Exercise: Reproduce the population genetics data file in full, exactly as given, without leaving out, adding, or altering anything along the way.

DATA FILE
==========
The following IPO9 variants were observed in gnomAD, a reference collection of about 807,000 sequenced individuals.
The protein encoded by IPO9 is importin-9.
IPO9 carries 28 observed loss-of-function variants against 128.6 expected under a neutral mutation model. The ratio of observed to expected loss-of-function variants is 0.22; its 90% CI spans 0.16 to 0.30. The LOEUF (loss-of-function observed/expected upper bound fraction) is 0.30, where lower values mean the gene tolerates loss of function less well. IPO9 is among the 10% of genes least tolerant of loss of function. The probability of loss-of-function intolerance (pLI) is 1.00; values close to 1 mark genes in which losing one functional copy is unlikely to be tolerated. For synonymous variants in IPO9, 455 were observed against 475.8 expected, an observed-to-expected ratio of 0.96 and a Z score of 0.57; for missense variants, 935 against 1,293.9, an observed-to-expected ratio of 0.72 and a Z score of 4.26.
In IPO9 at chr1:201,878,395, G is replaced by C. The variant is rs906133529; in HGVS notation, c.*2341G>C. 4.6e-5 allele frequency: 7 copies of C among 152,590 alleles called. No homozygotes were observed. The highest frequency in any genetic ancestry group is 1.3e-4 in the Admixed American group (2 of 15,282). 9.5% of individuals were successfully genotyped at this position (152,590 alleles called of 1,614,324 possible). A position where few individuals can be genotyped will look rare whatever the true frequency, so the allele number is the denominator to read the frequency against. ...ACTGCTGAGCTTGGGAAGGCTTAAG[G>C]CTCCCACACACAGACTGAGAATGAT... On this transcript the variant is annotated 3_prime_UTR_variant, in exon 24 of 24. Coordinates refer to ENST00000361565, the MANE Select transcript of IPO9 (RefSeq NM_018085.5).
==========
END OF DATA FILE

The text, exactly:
The following IPO9 variants were observed in gnomAD, a reference collection of about 807,000 sequenced individuals.
The protein encoded by IPO9 is importin-9.
IPO9 carries 28 observed loss-of-function variants against 128.6 expected under a neutral mutation model. The ratio of observed to expected loss-of-function variants is 0.22; its 90% CI spans 0.16 to 0.30. The LOEUF (loss-of-function observed/expected upper bound fraction) is 0.30, where lower values mean the gene tolerates loss of function less well. IPO9 is among the 10% of genes least tolerant of loss of function. The probability of loss-of-function intolerance (pLI) is 1.00; values close to 1 mark genes in which losing one functional copy is unlikely to be tolerated. For synonymous variants in IPO9, 455 were observed against 475.8 expected, an observed-to-expected ratio of 0.96 and a Z score of 0.57; for missense variants, 935 against 1,293.9, an observed-to-expected ratio of 0.72 and a Z score of 4.26.
In IPO9 at chr1:201,878,395, G is replaced by C. The variant is rs906133529; in HGVS notation, c.*2341G>C. 4.6e-5 allele frequency: 7 copies of C among 152,590 alleles called. No homozygotes were observed. The highest frequency in any genetic ancestry group is 1.3e-4 in the Admixed American group (2 of 15,282). 9.5% of individuals were successfully genotyped at this position (152,590 alleles called of 1,614,324 possible). A position where few individuals can be genotyped will look rare whatever the true frequency, so the allele number is the denominator to read the frequency against. ...ACTGCTGAGCTTGGGAAGGCTTAAG[G>C]CTCCCACACACAGACTGAGAATGAT... On this transcript the variant is annotated 3_prime_UTR_variant, in exon 24 of 24. Coordinates refer to ENST00000361565, the MANE Select transcript of IPO9 (RefSeq NM_018085.5).